I read a comment tonight from a concerned reader (who sounded a lot like me; open-minded but with a conscience) who lamented about how the ‘age’ of who regularly reads Young Adult novels are not teens but rather graduating elementary schoolers and run of the mill middle schoolers. The teens already graduating into adult fiction and/or pursuing interests outside of literature completely. As a future parent I am finding more angst in finding vulgarity in Young Adult fiction than as a reader who has appreciated YA fiction for most of her life. I never ran into any of this in the 1980s through mid-1990s which begs the question: what exactly has changed and why are certain words so rabid inside modern literature? As a book blogger — I never fathomed I’d have to find over 30 ways to Sunday to opine my discontempt for vulgarity in literature!

I’d never advocate for banning books but I do advocate for books to be marked with explicit content for language as a method of understanding what we will find inside and therefore start to curb our disillusioned disappointment. If they can mark books for science fiction & fantasy as much as lyrics in music, I am thinking it is time to start marking books with ‘strong language included’ and ‘explicit violence’ if the case might be as well.

What was more puzzling for me is the mission of the publisher (Luminis Books) is to curate books which are meaningful as they are thought-provoking, yet how can a novel be meaningful if the language is brought down by the commonality of cursing and using abrasive words where they could have been tempered and softly spoken by more creative means? I am not sure I am appreciating YA novels being overrun with language that parents and teachers alike are trying so very hard to discern them from using on a regular basis. Even on my own behalf in the not so far off future, I am not going to allow my children to talk with such reckless abandon; it was not how I was raised nor is it how I will be raising my children. Teens can feel anger and they can feel vehemently overwhelmed, as who didn’t feel that way as a teenager? The anguish and angst of growing up is always deeply wrought and felt, but we were always told to use our words and to express our emotions by choosing words which helped to douse the flames of the fires we felt surging inside us. To find better ways to express what we wanted to say and to own who we were without muddling our speaking voices with the words of sailors as the saying used to go.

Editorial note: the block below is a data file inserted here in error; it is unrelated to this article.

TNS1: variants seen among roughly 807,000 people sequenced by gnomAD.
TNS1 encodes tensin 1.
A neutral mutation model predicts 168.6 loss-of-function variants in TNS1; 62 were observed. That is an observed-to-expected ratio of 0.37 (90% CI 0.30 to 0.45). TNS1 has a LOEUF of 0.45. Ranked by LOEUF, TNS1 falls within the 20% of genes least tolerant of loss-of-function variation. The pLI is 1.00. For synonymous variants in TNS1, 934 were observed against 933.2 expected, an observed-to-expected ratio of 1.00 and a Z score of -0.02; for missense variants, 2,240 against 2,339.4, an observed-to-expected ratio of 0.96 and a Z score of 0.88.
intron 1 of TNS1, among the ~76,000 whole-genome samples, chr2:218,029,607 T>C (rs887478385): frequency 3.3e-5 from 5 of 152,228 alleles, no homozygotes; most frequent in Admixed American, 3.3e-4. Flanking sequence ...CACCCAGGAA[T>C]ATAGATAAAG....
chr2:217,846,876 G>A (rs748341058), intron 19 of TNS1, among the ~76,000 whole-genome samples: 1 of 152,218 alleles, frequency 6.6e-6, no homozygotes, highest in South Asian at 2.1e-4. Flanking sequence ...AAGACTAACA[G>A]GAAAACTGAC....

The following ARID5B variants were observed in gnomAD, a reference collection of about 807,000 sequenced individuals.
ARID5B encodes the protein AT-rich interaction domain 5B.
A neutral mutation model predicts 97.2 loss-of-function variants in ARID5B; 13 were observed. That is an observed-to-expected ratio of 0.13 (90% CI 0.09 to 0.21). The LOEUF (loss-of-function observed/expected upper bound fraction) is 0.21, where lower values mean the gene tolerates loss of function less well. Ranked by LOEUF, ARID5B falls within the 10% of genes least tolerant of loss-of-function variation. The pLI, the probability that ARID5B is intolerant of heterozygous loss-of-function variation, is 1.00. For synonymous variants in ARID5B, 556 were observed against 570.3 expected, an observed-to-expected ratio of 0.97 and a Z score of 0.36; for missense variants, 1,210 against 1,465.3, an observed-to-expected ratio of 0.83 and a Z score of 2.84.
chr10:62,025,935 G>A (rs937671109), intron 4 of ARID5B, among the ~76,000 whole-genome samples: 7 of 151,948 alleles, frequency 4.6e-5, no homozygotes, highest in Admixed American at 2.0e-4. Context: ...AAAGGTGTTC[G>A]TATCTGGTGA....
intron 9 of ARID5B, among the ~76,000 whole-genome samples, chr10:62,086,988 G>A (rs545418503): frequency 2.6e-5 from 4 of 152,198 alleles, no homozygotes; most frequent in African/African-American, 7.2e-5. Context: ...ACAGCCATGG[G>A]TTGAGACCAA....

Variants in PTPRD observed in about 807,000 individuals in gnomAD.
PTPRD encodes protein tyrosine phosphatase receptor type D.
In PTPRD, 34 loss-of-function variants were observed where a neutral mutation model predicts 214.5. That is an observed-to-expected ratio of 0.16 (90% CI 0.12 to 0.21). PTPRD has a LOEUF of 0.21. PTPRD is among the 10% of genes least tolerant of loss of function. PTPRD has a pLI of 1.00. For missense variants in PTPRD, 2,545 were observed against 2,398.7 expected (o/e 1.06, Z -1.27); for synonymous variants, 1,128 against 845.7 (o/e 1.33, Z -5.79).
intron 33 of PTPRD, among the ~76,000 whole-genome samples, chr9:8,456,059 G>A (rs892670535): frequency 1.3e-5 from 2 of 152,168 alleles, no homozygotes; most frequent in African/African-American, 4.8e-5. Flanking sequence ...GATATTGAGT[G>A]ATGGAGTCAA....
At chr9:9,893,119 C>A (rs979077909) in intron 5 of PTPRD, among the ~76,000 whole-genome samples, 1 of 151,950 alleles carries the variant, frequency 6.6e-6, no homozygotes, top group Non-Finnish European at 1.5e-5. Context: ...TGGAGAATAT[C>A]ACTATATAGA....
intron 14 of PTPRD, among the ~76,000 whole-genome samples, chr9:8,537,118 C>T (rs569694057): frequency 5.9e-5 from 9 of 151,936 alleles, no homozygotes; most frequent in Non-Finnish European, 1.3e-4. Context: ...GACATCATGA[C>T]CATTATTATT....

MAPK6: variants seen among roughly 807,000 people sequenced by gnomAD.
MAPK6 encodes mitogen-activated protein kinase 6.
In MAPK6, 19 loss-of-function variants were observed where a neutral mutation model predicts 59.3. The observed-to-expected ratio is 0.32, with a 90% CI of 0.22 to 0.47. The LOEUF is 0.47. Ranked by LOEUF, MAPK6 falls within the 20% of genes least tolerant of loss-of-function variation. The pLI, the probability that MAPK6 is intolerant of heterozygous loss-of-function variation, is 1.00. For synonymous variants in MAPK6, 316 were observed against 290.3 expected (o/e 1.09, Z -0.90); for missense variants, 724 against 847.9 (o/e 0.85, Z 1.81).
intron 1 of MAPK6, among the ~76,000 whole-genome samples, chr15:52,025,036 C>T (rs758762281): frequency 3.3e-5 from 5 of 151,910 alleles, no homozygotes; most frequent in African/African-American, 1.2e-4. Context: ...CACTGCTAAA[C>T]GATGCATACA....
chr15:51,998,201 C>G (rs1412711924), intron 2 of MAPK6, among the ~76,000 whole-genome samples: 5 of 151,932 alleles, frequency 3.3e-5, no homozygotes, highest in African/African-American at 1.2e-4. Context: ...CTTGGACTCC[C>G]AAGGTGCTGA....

I am not certain what has changed or why certain books are being found with such inclusions, but I personally will rally behind each writer of YA who doesn’t use language in a negative way but rather uses language to teach a more appropriate way to understand our world. The stories with stronger language I will advocate for adult readers only.

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Stay tuned!

Next I will be hosting an Author Q&A with Cara Bertrand:

Cara Bertrand
Photo Credit: Vallarta Adventures

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This blog tour stop is courtesy of:
JKS Communications: A Literary Publicity Firm

Luminis Books Blog Tour with JKS Communications

Discover what I am hosting next by visiting:

Bookish Events badge created by Jorie in Canva

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I positively *love!* comments in the threads below each of my posts, and as CommentLuv only requires Email to leave a note for me I cannot wait to see what starts to populate below! Kindly know that I appreciate each thought you want to share with me and all the posts on my blog are open to new comments & commentary! Short or long, I appreciate the time you spent to leave behind a note of your visit! Return again soon! 

{SOURCES: The tour badge was provided by JKS Communications and used with permission. Book Cover Art for “Lost in Thought” & “Second Thoughts”, Author Biography & Book Synopsis provided by the author Cara Bertrand and used with permission. Blog Tour badge provided by Parajunkee to give book bloggers definition on their blogs. Bookish Events badge created by Jorie in Canva. Post dividers by Fun Stuff for Your Blog via Pure Imagination. Tweets are embedded due to codes provided by Twitter.}

Copyright © Jorie Loves A Story, 2014.

The ‘live reading’ tweets I shared as I read & reviewed “Lost in Thought”:

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Comments on Twitter:

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Posted Monday, 29 September, 2014 by jorielov in 21st Century, Agnostic (Questioning & Searching or Unsure), Antiques, Art, Balance of Faith whilst Living, Bits & Bobbles of Jorie, Blog Tour Host, Book Review (non-blog tour), Bookish Discussions, Children's Literature, Clever Turns of Phrase, Coming-Of Age, Death, Sorrow, and Loss, Debut Author, Debut Novel, Equality In Literature, Family Life, Flashbacks & Recollective Memories, Fly in the Ointment, Gothic Literature, Indie Author, JKS Communications: Literary Publicity Firm, Life Shift, Light vs Dark, Mental Health, Modern Day, Orphans & Guardians, Parapsychological Gifts, Parapsychological Suspense, Premonition-Precognitive Visions, Questioning Faith as a Teen, Realistic Fiction, Sculpture, Teenage Relationships & Friendships, Transfer Student at School, Transitioning into Private School, Unexpected Inheritance, Vulgarity in Literature, Wordsmiths & Palettes of Sage, YA Paranormal &/or Paranormal Romance, Young Adult Fiction